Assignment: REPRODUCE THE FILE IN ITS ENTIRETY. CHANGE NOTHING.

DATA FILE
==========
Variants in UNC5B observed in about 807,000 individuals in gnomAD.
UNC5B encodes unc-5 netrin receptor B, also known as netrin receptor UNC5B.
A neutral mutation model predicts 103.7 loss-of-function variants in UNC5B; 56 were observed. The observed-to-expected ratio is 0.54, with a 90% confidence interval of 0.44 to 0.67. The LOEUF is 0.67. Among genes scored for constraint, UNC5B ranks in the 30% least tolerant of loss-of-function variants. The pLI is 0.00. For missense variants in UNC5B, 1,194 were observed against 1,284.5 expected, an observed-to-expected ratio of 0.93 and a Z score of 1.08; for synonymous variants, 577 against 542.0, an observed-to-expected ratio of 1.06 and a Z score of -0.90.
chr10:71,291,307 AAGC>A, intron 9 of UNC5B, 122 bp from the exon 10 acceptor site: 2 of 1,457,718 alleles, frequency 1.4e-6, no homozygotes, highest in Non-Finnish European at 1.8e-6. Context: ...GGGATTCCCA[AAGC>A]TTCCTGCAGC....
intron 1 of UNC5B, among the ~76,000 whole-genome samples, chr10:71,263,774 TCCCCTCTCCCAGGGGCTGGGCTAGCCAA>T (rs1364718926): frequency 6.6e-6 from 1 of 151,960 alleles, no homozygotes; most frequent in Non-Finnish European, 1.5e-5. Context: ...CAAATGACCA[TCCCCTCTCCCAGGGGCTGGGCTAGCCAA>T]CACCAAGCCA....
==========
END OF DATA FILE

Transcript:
Variants in UNC5B observed in about 807,000 individuals in gnomAD.
UNC5B encodes unc-5 netrin receptor B, also known as netrin receptor UNC5B.
A neutral mutation model predicts 103.7 loss-of-function variants in UNC5B; 56 were observed. The observed-to-expected ratio is 0.54, with a 90% confidence interval of 0.44 to 0.67. The LOEUF is 0.67. Among genes scored for constraint, UNC5B ranks in the 30% least tolerant of loss-of-function variants. The pLI is 0.00. For missense variants in UNC5B, 1,194 were observed against 1,284.5 expected, an observed-to-expected ratio of 0.93 and a Z score of 1.08; for synonymous variants, 577 against 542.0, an observed-to-expected ratio of 1.06 and a Z score of -0.90.
chr10:71,291,307 AAGC>A, intron 9 of UNC5B, 122 bp from the exon 10 acceptor site: 2 of 1,457,718 alleles, frequency 1.4e-6, no homozygotes, highest in Non-Finnish European at 1.8e-6. Context: ...GGGATTCCCA[AAGC>A]TTCCTGCAGC....
intron 1 of UNC5B, among the ~76,000 whole-genome samples, chr10:71,263,774 TCCCCTCTCCCAGGGGCTGGGCTAGCCAA>T (rs1364718926): frequency 6.6e-6 from 1 of 151,960 alleles, no homozygotes; most frequent in Non-Finnish European, 1.5e-5. Context: ...CAAATGACCA[TCCCCTCTCCCAGGGGCTGGGCTAGCCAA>T]CACCAAGCCA....